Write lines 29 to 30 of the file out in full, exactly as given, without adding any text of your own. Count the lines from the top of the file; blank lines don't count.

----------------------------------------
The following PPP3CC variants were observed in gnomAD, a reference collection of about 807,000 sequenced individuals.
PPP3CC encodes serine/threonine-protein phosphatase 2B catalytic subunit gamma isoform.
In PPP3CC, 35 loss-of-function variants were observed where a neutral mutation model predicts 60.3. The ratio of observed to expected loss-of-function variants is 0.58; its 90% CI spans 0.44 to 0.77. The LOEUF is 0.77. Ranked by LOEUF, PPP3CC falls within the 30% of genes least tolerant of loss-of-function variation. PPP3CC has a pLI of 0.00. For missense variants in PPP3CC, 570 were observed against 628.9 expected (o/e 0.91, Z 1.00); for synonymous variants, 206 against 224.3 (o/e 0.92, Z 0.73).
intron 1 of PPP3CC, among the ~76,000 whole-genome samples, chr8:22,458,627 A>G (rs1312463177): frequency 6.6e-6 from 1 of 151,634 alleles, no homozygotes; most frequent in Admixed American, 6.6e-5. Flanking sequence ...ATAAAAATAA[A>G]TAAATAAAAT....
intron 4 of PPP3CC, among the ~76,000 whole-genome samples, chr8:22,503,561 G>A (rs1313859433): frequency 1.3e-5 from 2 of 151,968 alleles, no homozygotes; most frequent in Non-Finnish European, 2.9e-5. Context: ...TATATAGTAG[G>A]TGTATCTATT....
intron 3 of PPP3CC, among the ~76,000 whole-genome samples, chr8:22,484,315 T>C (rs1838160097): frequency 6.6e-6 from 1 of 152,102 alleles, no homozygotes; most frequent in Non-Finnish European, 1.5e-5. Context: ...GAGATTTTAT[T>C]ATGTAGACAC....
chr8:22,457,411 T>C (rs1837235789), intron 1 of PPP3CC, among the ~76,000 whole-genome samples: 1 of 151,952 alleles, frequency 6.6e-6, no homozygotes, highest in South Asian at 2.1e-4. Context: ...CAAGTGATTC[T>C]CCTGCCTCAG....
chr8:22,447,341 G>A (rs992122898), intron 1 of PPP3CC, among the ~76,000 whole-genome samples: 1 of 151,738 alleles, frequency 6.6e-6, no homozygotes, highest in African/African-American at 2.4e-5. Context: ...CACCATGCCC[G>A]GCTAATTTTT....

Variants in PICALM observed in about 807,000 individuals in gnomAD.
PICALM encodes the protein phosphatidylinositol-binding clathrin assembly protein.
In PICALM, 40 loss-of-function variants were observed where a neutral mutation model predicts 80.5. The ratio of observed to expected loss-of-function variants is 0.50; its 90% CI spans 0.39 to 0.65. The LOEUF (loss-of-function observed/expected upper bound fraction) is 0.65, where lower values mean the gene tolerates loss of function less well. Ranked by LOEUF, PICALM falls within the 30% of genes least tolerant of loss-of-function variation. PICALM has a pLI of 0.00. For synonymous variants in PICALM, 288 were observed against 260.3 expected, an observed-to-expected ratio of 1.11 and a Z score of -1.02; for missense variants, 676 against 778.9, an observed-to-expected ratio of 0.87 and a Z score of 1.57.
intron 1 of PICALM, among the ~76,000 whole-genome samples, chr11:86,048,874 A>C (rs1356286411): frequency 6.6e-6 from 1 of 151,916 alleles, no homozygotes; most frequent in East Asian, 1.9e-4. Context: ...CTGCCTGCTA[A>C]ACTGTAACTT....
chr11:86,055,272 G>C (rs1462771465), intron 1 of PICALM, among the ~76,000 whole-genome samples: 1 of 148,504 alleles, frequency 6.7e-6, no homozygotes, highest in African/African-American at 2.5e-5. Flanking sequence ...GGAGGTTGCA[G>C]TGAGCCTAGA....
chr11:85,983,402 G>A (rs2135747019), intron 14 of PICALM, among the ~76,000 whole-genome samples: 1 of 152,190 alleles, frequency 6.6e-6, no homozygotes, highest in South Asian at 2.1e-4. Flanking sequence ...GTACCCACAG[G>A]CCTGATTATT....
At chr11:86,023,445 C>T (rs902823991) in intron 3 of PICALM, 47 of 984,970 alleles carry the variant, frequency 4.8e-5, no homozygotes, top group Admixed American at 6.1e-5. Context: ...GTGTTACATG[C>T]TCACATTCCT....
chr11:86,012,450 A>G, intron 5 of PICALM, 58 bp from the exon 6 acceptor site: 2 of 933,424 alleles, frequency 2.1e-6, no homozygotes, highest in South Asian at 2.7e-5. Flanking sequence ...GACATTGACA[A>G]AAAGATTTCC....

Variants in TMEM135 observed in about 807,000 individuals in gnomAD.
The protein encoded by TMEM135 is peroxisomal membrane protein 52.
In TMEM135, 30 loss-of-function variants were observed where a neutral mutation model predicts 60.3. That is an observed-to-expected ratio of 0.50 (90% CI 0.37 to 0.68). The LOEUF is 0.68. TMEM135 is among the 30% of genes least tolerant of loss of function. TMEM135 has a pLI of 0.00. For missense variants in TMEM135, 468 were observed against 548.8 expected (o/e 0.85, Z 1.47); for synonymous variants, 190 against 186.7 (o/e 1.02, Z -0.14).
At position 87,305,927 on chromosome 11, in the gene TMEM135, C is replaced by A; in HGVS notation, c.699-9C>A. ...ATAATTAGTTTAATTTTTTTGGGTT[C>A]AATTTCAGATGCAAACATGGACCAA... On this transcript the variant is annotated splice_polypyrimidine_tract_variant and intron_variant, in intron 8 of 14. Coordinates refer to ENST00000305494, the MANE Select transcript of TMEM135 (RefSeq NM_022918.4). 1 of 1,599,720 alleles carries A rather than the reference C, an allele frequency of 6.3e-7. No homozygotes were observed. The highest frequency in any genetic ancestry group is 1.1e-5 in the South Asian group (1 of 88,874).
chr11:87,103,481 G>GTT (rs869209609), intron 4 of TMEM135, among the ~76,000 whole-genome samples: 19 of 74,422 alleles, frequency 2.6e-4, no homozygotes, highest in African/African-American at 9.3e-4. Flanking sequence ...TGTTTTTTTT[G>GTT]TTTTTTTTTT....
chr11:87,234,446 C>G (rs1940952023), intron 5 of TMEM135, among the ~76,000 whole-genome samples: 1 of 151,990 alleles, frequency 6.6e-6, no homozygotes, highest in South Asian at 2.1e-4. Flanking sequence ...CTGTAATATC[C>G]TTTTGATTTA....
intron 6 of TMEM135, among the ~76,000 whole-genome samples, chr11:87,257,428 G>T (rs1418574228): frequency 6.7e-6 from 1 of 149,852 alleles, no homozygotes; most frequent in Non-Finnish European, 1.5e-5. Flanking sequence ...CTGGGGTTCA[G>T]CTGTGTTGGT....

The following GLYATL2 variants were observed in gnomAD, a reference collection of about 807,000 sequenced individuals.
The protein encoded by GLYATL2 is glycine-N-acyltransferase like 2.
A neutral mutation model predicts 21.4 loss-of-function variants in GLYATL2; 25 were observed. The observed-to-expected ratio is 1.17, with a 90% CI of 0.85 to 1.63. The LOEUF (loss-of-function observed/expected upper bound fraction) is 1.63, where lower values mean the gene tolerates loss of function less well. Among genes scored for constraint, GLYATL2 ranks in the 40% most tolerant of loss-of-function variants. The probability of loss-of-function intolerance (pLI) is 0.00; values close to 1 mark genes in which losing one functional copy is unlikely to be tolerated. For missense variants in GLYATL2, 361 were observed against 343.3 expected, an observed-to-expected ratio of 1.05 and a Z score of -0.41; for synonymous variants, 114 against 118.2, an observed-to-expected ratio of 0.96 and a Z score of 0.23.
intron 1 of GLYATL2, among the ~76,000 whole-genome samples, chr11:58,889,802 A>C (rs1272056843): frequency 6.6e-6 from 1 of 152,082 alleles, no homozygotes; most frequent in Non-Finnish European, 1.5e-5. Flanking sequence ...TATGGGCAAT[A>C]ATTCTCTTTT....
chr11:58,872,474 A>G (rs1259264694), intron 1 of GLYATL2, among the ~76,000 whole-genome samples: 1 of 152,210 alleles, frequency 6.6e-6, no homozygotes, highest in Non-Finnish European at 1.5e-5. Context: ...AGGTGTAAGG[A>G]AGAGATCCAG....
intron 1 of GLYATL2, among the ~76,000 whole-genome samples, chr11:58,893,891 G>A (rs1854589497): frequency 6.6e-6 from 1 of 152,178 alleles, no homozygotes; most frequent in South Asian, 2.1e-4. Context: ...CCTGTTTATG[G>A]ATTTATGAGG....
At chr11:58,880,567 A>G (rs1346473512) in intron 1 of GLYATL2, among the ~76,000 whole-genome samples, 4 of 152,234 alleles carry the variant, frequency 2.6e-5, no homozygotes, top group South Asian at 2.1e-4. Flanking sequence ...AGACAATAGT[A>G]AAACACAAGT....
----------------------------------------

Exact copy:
intron 1 of GLYATL2, among the ~76,000 whole-genome samples, chr11:58,893,891 G>A (rs1854589497): frequency 6.6e-6 from 1 of 152,178 alleles, no homozygotes; most frequent in South Asian, 2.1e-4. Context: ...CCTGTTTATG[G>A]ATTTATGAGG....
At chr11:58,880,567 A>G (rs1346473512) in intron 1 of GLYATL2, among the ~76,000 whole-genome samples, 4 of 152,234 alleles carry the variant, frequency 2.6e-5, no homozygotes, top group South Asian at 2.1e-4. Flanking sequence ...AGACAATAGT[A>G]AAACACAAGT....